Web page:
Every HR professional knows that FMLA requests can get tricky, and that non-compliance can get costly. A recent court ruling shows there might be a price to pay even when an employee doesn’t explicitly make an FMLA request.
According to Crain v. Schlumberger Technology, Gregory Crain worked for 10 years as a regional sales manager for Schlumberger Technology Corp. and its predecessor company.
Terminated from his position as part of a reduction in force, Crain subsequently filed an FMLA interference claim, contending that the company violated his leave rights by letting him go just days after informing the organization that he needed to undergo surgery that would force him to take time off from work.
In October 2016, a jury agreed with Crain, awarding him $77,007; the amount of his severance. More recently, the United States District Court for the Eastern District of Louisiana affirmed that ruling, awarding Crain the original verdict award along with an additional, equal amount in liquidated damages. In other words, Schlumberger must now pay double the damages.
Why? The timing of Crain’s termination was certainly a factor, according to Tina Syring, a Minneapolis-based partner at Barnes & Thornburg and a member of the firm’s labor and employment law department.
As Syring points out, Crain’s name was included in the list of employees to be included in the RIF; a list that surfaced two days after his surgery.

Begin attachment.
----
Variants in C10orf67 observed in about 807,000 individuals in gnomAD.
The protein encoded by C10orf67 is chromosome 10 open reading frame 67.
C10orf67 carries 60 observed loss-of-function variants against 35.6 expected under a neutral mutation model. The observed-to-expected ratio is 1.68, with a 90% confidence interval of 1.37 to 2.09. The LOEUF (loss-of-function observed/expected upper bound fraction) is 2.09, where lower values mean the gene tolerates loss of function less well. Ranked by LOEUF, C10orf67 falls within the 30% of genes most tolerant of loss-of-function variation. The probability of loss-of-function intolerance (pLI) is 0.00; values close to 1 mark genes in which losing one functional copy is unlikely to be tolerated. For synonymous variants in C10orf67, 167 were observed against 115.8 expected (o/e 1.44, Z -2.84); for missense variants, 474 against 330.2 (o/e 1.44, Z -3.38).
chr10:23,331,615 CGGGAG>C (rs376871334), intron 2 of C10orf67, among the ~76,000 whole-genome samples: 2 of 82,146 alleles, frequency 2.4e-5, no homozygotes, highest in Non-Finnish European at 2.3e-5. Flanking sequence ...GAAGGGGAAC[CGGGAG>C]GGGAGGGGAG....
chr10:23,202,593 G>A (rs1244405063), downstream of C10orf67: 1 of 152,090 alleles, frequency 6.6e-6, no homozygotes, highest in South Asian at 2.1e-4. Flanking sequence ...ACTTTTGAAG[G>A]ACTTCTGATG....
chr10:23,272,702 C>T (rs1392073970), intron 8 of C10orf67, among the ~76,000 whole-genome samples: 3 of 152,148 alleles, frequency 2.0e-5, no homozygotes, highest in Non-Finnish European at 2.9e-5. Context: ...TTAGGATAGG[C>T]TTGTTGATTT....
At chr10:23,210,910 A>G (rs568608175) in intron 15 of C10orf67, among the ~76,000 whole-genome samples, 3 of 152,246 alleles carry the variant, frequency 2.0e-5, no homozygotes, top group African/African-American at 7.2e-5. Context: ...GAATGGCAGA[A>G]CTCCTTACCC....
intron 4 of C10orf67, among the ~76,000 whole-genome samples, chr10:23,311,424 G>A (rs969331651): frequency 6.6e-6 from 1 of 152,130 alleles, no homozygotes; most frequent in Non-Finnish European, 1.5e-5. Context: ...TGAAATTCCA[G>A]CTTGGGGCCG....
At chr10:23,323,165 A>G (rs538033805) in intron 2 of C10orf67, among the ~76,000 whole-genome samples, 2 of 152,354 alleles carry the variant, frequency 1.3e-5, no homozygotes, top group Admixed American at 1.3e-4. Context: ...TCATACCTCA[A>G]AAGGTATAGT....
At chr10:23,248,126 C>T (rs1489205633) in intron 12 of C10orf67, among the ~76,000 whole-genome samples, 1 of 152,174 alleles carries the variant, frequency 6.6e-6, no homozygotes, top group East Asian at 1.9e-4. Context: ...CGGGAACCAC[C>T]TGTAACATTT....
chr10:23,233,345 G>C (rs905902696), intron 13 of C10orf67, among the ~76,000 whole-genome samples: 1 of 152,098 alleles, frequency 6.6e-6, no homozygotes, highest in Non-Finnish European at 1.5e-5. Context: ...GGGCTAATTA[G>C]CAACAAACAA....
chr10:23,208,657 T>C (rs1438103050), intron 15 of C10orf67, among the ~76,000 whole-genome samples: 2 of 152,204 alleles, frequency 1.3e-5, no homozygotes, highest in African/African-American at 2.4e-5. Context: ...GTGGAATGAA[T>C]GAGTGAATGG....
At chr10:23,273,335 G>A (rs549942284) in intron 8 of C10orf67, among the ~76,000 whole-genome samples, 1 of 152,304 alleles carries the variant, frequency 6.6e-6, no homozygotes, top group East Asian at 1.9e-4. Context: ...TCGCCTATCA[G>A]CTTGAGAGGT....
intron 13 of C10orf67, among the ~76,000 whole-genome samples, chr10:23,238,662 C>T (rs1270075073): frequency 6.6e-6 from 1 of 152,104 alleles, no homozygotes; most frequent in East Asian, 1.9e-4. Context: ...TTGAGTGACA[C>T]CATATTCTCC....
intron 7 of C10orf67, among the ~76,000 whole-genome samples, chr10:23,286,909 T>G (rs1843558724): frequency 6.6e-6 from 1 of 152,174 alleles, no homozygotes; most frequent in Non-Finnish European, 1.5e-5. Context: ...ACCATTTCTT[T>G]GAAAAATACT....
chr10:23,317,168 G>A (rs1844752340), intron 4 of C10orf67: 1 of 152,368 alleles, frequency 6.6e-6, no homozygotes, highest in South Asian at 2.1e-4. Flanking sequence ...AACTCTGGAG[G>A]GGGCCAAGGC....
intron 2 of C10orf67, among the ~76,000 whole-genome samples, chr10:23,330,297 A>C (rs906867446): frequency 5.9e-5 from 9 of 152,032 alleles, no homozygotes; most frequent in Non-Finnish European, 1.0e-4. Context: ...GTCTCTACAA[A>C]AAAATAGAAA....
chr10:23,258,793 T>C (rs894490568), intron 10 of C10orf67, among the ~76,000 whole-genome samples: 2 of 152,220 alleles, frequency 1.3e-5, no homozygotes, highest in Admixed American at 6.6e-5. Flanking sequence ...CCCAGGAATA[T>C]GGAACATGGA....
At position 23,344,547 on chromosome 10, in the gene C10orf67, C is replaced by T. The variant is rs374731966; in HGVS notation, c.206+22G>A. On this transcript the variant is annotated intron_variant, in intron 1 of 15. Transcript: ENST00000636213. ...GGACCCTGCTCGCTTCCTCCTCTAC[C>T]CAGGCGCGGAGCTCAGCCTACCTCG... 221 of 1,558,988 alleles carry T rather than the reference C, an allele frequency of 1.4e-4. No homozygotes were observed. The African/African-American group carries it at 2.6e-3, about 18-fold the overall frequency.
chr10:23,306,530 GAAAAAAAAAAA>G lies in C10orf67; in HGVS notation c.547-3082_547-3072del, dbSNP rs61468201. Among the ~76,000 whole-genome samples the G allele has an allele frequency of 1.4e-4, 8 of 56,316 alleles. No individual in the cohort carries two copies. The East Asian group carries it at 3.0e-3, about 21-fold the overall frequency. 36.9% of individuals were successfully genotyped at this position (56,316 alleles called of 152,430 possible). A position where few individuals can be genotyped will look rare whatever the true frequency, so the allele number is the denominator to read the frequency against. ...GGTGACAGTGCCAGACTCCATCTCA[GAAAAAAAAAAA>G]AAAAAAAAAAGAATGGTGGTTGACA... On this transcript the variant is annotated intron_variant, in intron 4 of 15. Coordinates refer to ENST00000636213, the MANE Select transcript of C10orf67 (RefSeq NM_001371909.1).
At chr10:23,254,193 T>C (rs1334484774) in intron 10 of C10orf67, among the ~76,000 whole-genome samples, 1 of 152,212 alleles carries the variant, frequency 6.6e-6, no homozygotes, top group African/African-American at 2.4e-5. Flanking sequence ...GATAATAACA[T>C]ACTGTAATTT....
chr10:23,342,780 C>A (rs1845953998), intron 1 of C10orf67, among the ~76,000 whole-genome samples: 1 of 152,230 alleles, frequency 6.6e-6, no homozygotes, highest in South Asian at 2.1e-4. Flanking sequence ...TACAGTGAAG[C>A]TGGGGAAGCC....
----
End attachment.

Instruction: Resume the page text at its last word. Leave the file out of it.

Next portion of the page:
“Prior to the formal notification, however, the plaintiff’s name was never included in any company RIF documents, even though the employer’s witnesses claimed that the decision to include him in the RIF was made weeks before such notice.”
In the end, she says, “the jury found the employer’s witnesses less credible than the company’s lack of documentation surrounding the decision to include the plaintiff in the reduction in force.”
Syring describes this decision as a “great reminder” that documentation matters when mapping out a reduction in force.
“According to the court, given the weight of the evidence (or lack thereof) and the temporal proximity of the termination, it was not an unreasonable decision by the jury to find in favor of the plaintiff. Thus, when addressing RIFs, employers should take the time to carefully document which employees are being considered for the RIF and update this documentation throughout the decision-making process.”
Adding another wrinkle to this case is the fact that Crain didn’t specifically mention FMLA when he told the company that he would undergo surgery and would subsequently require time away from work. He did, however, inquire as to short-term disability leave, which ultimately compels the company to weigh the possibility of FMLA leave.
“As the Crain court noted, an employee is not required to use any sort of ‘magic words’ to provide notice of the need for FMLA leave,” says Syring.
“In this situation, the plaintiff made an inquiry to human resources about short-term disability. The Crain court found that to be sufficient notice to the employer to at least make an inquiry as to whether FMLA leave notice and adherence obligations were triggered,” she says, adding that testimony had also been given to confirm that the plaintiff told his former supervisor and two HR representatives that he was going to have surgery.
“Because the company could not demonstrate that it even considered the possible application of FMLA leave prior to [Crain’s] termination, the court found that the employer’s actions were neither in good faith or reasonable. As a result, liquidated damages were awarded against the company.”